Just last month, election administrators in Blacksburg, Va. — home to Virginia Tech — released erroneous guidelines suggesting that student voters could lose their scholarships or coverage under their parents’ car and health insurance by registering to vote at school. Several students canceled their registration based on the information, according to advocates and media reports.
Once a Republican stronghold, Virginia is now considered a swing state in the upcoming election. It also has the strictest, yet most ambiguous, residency laws in the country, according to a report released by the Century Foundation and Common Cause. Both organizations crusade for effective and open government.
The report, called “Voting in 2008: Ten Swing States,” examines mostly battleground states, where advocates anticipate the most problems in November. Virginia tops the list. The report looks at other places that have a history of voter disenfranchisement and also provides an in-depth look at student voting rights.
Virginia falls under the review of the U.S. Justice Department because of its history of voter disenfranchisement and violations of the 1965 Voting Rights Act; therefore, election officials, like those in Blacksburg, should take extra care in how they interpret the state’s murky residency requirements, advocates say. Some college institutions are working to counter this brand of voter disenfranchisement created by identification laws. For example, the president of Oberlin College in Ohio, another swing state, sent every student a utility bill that reflects services already paid for as part of the student’s tuition and that can be used by students when registering to vote or if their residency status is challenged at the polls.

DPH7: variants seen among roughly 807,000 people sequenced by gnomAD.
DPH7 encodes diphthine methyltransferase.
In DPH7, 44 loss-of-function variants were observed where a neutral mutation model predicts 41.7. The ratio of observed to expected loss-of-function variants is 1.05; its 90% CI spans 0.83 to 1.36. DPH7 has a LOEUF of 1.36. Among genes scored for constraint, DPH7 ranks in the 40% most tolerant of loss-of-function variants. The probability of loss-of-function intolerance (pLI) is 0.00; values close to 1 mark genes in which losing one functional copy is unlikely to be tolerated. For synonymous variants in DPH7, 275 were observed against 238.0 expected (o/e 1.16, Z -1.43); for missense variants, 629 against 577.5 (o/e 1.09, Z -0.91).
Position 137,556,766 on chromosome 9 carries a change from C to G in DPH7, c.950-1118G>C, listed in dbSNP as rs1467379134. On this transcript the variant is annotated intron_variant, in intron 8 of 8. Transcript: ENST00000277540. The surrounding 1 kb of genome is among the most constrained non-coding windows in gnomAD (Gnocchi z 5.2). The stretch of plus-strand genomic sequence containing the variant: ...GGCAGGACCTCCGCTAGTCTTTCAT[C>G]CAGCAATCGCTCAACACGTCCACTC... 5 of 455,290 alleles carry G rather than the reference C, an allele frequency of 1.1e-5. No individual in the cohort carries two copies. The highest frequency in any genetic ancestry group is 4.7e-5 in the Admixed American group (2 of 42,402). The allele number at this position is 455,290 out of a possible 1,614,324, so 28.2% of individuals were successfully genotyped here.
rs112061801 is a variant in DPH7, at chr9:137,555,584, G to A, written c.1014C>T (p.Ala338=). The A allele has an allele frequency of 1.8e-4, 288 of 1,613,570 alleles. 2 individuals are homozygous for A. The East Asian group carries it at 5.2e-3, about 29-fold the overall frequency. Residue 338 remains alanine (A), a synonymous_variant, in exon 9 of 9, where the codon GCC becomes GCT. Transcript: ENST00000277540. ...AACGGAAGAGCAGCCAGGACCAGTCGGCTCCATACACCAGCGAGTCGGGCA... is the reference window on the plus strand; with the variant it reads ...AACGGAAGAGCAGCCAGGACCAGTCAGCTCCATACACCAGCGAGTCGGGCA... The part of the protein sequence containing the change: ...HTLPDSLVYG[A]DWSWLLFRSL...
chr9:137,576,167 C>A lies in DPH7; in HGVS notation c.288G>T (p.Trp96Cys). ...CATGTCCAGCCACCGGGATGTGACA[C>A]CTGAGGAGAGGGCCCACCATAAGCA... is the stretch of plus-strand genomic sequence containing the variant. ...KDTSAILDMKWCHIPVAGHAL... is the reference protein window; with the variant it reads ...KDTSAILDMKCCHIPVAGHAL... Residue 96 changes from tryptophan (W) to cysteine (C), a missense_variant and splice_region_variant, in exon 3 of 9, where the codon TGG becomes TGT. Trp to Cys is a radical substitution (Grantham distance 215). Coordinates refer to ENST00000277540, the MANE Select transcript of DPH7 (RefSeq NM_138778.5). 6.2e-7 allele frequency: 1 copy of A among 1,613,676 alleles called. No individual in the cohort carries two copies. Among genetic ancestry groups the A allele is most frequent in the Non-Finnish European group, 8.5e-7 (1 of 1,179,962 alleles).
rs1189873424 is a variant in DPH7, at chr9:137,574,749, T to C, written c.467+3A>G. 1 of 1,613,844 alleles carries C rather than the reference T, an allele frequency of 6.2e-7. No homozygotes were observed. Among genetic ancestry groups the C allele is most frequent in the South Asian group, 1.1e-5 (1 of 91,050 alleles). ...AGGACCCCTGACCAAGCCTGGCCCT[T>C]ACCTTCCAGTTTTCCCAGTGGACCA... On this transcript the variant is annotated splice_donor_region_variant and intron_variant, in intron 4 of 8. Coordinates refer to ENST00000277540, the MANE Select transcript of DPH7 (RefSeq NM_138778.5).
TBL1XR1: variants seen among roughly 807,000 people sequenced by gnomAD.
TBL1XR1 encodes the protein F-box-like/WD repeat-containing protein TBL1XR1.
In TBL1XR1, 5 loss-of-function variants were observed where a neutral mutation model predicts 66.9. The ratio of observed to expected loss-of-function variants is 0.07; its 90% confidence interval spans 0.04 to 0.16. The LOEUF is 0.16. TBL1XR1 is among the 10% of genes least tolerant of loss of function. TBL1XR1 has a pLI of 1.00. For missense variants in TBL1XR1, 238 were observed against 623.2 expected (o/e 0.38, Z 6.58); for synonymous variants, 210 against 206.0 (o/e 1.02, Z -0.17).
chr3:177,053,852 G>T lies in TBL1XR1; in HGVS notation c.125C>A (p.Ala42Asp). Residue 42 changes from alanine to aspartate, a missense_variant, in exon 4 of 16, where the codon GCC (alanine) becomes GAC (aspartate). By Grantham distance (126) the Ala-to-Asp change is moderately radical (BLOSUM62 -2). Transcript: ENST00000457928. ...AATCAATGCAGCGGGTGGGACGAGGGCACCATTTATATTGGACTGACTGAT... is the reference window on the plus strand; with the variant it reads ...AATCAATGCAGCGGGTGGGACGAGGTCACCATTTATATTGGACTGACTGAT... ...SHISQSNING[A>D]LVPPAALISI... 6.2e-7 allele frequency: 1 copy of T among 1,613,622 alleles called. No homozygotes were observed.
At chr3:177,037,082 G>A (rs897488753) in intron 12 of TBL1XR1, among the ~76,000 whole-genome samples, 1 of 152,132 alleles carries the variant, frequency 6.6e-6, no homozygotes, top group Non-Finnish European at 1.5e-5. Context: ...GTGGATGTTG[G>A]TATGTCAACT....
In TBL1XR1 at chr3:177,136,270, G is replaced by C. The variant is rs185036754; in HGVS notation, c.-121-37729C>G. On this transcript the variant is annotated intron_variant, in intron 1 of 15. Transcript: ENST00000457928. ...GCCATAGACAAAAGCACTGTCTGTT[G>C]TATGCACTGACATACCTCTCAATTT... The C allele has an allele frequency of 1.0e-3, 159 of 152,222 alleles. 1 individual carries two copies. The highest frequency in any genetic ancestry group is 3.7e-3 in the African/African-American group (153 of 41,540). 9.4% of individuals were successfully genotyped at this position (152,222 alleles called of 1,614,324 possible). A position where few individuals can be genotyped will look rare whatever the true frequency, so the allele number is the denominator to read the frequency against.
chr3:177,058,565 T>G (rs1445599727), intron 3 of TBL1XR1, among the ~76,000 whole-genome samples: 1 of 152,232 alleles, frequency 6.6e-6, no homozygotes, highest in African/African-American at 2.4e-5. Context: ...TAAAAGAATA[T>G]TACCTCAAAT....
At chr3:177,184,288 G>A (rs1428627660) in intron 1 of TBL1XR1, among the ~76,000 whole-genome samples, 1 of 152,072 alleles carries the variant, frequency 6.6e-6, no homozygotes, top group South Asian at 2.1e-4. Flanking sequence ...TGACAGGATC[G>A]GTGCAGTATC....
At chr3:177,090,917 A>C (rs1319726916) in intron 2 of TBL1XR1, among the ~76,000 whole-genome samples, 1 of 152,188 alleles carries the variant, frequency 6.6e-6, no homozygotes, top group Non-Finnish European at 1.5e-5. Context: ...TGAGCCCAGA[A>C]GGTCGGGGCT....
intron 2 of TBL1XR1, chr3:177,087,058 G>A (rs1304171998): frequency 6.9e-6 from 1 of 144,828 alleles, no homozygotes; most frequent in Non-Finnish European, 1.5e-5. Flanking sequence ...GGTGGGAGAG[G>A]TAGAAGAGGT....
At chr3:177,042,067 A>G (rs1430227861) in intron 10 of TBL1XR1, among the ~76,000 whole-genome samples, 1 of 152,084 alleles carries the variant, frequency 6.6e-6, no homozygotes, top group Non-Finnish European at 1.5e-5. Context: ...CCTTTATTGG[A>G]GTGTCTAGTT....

As for the long lines on Election Day, the 2008 voting report says that issue will be harder to track. And voting advocates aren’t as hopeful about solving this problem.
“There are no laws in place requiring the number of voting machines to be allocated according to the number of registered voters per precinct,” says SAVE’s Matthew Segal. He calls it “gerrymandering by voter machine” and finds it interesting that the long lines he witnessed in Ohio happened only in precincts dominated by student and minority voters.
Four years ago Segal worked to bring food and water to those who waited in those long lines, in order to help make sure their votes counted.
He might have to do it again this year.
The Brennan Center for Justice, at the New York University School of Law, has a Web site to let students know their voting rights: www.brennancenter.org/studentvoting. The Tom Joyner Morning Show and the NAACP National Voter Fund have partnered to launch 1-866- MYVOTE1, a voter alert line that allows people to find out where their polling places are located, register to vote and report problems at the polls. Election Protection, a coalition of legal and civil rights groups, recently announced a national voter protection initiative, including another hotline number (1-866-OUR-VOTE).